I am on my way to Edinburgh and will be coming back again tonight. Four and a half hours each way to write emails (wifi on the move: genius), catch up on work and generally sit back and enjoy the scenery.
I adore train journeys. I wouldn’t want to do this mammouth one too often but with internet access and my beloved Mac there’s no reason not to use the train table for Bohemian hot desking.
Only the organisation I now work for is crazy for domestic flights. Without exception everyone I have talked to about the work trip to Scotland has been expecting me to fly. And I refuse to. At the moment in a calm, happy and genial way… but I can already feel a fight brewing.
This train journey costs the same (give or take £5) as a flight and its connecting train would be, but I do have my Railcard to thank for that. Once you take into account time to board, the flight itself and any additional airport bruhaha the journey times are not so different. And I didn’t have to get up at 5am. I am also able to use the full 4.5 hours to do work, should I so wish.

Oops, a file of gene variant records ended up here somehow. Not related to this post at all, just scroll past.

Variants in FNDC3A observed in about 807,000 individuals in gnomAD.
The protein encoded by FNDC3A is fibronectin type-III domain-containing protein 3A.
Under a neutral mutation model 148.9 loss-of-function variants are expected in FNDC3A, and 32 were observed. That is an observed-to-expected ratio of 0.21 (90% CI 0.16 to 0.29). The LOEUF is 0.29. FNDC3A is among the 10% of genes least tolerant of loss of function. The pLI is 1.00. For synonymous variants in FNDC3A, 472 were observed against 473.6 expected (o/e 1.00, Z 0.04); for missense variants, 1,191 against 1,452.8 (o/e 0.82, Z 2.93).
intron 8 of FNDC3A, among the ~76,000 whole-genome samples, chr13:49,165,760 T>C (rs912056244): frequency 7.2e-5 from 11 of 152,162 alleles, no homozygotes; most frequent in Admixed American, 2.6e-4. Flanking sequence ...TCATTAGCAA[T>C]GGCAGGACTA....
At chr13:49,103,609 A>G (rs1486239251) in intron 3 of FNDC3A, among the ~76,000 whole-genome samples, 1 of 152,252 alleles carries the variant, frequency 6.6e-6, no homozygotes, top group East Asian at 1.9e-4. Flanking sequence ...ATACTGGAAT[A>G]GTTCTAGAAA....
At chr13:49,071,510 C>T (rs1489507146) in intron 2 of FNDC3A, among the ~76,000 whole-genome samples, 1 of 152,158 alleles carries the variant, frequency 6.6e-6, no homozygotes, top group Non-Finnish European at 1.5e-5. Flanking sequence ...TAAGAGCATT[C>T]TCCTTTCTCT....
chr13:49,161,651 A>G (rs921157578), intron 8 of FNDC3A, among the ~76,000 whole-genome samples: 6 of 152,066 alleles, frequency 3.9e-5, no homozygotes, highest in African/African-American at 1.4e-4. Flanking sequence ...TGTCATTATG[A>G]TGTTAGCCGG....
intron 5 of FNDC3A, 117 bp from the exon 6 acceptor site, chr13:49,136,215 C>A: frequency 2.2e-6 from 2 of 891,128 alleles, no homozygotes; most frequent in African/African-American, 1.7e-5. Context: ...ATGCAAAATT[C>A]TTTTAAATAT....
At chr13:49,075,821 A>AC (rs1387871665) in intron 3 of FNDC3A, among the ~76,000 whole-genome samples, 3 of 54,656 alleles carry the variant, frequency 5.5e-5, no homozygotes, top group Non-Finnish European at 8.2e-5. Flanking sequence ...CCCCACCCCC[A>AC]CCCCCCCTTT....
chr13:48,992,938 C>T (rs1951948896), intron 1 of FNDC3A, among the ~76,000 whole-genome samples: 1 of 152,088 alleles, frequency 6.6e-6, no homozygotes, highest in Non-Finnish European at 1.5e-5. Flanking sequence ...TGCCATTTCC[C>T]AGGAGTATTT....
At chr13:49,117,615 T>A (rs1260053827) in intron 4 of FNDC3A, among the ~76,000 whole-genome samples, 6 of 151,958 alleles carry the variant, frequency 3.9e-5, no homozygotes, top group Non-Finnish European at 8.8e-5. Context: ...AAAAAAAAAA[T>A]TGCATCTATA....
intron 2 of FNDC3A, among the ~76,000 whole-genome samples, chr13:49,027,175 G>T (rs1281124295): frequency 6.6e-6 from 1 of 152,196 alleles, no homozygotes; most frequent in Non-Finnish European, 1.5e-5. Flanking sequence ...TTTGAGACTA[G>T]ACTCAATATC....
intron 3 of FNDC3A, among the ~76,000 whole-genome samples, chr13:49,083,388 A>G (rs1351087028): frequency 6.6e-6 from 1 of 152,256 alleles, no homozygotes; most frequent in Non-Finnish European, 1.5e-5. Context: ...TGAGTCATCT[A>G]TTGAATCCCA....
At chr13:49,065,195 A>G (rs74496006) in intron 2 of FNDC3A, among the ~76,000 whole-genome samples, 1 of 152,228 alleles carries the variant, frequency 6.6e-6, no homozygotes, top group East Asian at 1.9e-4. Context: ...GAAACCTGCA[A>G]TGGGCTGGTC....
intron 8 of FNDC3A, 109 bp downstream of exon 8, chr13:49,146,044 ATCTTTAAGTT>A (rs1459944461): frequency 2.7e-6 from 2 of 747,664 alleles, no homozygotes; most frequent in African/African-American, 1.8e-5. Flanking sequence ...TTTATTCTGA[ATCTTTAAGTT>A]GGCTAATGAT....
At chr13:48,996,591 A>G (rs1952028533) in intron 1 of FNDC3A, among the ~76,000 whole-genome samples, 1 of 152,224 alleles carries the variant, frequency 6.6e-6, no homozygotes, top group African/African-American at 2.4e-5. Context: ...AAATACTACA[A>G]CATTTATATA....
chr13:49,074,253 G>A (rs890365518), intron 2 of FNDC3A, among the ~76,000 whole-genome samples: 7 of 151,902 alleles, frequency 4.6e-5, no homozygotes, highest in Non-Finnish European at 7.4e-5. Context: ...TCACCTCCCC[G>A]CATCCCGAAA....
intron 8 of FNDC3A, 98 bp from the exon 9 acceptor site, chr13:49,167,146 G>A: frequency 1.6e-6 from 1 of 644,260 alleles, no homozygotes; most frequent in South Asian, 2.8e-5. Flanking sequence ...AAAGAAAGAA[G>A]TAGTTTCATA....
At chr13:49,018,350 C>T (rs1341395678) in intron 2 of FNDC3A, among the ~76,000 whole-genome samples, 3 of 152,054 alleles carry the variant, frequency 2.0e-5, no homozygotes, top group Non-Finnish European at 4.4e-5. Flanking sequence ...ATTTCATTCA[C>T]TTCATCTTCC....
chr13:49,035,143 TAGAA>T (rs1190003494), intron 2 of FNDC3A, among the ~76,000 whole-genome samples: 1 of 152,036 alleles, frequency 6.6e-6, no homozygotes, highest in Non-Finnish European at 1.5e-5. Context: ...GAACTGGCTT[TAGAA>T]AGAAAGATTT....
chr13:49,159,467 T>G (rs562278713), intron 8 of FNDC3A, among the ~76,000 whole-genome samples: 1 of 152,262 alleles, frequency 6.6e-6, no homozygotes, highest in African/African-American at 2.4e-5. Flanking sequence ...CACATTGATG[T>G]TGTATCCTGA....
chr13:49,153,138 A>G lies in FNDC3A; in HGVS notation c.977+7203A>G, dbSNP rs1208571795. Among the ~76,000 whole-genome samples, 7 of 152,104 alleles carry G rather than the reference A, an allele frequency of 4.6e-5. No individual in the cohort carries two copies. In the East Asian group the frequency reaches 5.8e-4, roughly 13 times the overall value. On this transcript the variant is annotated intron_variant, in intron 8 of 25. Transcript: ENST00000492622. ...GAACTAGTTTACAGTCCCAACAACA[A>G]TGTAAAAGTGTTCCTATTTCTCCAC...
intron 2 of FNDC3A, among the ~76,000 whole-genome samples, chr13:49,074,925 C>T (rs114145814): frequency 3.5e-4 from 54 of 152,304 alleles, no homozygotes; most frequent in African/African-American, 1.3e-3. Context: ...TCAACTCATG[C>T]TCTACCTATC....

But more than that, it is better for the environment and serves to minimise our profligate use of – and dependency on – oil. True, our train system is not as fast and efficient as it could be. In a recent open letter to President Obama, Michael Moore explained that the same high speed network in Japan would mean Americans could take the bullet train from New York to LA in 17 hours. Rather than drive or, indeed, fly. We’re a smaller country so the times would be even less for significant journeys and I’m not sure what’s holding back this kind of investment across the UK.
Perhaps the powers that be argue supply and demand. For as long as flights are cheaper than train journeys, companies will suggest their staff take that option. Working for a charity I know that I am more accountable than most for the price of my expenses, but I cannot in good faith be one of those passengers whose loyalty secures a continued future for domestic flights.
I want to fight. Or rather, I don’t want to fight, and that is probably the wrong way to go about it, but I do want to make change. I think I might start with approaching train companies for a charity rate on train fares. Or I have to create a “train journeys are fun journeys” campaign for our Internal Communications. Either way, someone’s going to hate me.